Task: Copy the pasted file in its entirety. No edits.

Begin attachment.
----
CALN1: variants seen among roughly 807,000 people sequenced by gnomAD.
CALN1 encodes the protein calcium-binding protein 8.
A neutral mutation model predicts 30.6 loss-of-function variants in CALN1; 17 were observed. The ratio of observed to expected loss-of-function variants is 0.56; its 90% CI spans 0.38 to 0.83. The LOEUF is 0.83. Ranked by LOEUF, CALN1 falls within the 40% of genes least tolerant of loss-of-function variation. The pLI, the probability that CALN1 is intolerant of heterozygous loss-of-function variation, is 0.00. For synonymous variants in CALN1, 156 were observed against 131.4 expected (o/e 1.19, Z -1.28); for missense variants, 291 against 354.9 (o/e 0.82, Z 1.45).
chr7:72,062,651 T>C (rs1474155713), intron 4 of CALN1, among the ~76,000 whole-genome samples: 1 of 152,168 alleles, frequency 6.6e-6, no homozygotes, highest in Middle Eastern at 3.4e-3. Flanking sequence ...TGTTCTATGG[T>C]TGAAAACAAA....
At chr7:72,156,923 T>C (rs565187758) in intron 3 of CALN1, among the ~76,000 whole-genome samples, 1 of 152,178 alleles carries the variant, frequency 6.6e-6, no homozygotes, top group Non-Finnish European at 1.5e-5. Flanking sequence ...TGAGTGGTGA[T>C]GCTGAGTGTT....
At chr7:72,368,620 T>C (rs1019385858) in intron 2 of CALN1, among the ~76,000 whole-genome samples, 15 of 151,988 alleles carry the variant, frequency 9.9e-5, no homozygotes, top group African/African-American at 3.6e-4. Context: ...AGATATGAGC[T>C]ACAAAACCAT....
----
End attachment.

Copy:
CALN1: variants seen among roughly 807,000 people sequenced by gnomAD.
CALN1 encodes the protein calcium-binding protein 8.
A neutral mutation model predicts 30.6 loss-of-function variants in CALN1; 17 were observed. The ratio of observed to expected loss-of-function variants is 0.56; its 90% CI spans 0.38 to 0.83. The LOEUF is 0.83. Ranked by LOEUF, CALN1 falls within the 40% of genes least tolerant of loss-of-function variation. The pLI, the probability that CALN1 is intolerant of heterozygous loss-of-function variation, is 0.00. For synonymous variants in CALN1, 156 were observed against 131.4 expected (o/e 1.19, Z -1.28); for missense variants, 291 against 354.9 (o/e 0.82, Z 1.45).
chr7:72,062,651 T>C (rs1474155713), intron 4 of CALN1, among the ~76,000 whole-genome samples: 1 of 152,168 alleles, frequency 6.6e-6, no homozygotes, highest in Middle Eastern at 3.4e-3. Flanking sequence ...TGTTCTATGG[T>C]TGAAAACAAA....
At chr7:72,156,923 T>C (rs565187758) in intron 3 of CALN1, among the ~76,000 whole-genome samples, 1 of 152,178 alleles carries the variant, frequency 6.6e-6, no homozygotes, top group Non-Finnish European at 1.5e-5. Flanking sequence ...TGAGTGGTGA[T>C]GCTGAGTGTT....
At chr7:72,368,620 T>C (rs1019385858) in intron 2 of CALN1, among the ~76,000 whole-genome samples, 15 of 151,988 alleles carry the variant, frequency 9.9e-5, no homozygotes, top group African/African-American at 3.6e-4. Context: ...AGATATGAGC[T>C]ACAAAACCAT....